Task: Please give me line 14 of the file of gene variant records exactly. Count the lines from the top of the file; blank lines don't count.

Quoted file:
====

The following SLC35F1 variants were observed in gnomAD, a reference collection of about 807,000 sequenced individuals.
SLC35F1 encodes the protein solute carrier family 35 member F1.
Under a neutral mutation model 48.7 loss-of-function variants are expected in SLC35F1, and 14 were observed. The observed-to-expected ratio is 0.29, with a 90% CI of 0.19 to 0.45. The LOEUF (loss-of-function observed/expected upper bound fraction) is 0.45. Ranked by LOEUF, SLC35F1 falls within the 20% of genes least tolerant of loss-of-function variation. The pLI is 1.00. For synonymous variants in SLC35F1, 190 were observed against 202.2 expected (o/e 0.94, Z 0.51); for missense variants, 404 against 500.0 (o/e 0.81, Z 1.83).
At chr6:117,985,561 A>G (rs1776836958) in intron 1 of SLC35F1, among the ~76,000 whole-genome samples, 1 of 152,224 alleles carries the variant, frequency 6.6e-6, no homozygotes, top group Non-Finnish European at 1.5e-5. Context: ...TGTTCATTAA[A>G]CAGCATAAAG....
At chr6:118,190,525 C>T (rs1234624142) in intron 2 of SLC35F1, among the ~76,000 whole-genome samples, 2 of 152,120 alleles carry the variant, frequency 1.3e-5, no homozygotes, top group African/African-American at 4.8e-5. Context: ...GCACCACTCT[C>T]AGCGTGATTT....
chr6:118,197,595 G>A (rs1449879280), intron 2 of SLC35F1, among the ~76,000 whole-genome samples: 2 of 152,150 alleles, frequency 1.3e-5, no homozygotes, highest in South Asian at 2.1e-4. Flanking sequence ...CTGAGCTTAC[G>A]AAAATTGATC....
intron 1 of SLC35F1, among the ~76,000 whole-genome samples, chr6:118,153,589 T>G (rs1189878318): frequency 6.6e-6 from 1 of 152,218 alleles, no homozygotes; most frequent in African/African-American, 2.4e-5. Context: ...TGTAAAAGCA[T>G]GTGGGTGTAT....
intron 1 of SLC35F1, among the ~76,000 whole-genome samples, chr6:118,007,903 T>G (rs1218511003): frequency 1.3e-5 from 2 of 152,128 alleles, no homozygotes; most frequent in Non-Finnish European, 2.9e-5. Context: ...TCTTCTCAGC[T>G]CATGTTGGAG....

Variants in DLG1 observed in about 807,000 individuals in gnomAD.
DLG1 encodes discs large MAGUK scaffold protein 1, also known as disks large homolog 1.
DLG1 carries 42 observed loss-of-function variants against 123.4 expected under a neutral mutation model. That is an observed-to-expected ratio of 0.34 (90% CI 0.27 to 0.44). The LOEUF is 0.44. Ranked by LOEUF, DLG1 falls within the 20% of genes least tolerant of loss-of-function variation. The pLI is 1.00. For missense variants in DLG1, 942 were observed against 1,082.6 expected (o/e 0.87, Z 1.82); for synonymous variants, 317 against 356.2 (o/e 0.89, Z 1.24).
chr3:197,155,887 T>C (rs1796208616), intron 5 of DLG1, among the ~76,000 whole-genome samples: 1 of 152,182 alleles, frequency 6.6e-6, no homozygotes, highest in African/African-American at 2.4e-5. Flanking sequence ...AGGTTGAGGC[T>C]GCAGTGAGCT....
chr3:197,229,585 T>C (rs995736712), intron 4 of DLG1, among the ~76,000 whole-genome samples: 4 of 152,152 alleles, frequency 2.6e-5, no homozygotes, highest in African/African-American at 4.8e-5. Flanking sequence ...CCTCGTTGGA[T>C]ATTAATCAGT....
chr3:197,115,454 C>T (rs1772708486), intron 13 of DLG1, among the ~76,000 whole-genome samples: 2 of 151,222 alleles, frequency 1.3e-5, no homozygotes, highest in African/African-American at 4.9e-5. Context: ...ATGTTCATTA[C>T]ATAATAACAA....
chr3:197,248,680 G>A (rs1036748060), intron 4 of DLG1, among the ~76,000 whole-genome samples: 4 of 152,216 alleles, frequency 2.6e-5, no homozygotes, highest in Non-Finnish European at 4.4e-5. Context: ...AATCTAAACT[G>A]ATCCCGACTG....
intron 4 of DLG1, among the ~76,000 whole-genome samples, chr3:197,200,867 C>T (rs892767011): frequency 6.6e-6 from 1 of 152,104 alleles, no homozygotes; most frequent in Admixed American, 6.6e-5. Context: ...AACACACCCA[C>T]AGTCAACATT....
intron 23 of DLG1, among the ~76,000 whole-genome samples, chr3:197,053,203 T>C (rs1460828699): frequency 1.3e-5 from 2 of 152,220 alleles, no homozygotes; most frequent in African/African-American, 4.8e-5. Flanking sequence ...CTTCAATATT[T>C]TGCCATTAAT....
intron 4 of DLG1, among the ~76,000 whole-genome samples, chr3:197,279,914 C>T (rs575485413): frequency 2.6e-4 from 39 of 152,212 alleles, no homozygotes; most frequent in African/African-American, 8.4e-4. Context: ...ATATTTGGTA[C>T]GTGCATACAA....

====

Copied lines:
chr3:197,115,454 C>T (rs1772708486), intron 13 of DLG1, among the ~76,000 whole-genome samples: 2 of 151,222 alleles, frequency 1.3e-5, no homozygotes, highest in African/African-American at 4.9e-5. Context: ...ATGTTCATTA[C>T]ATAATAACAA....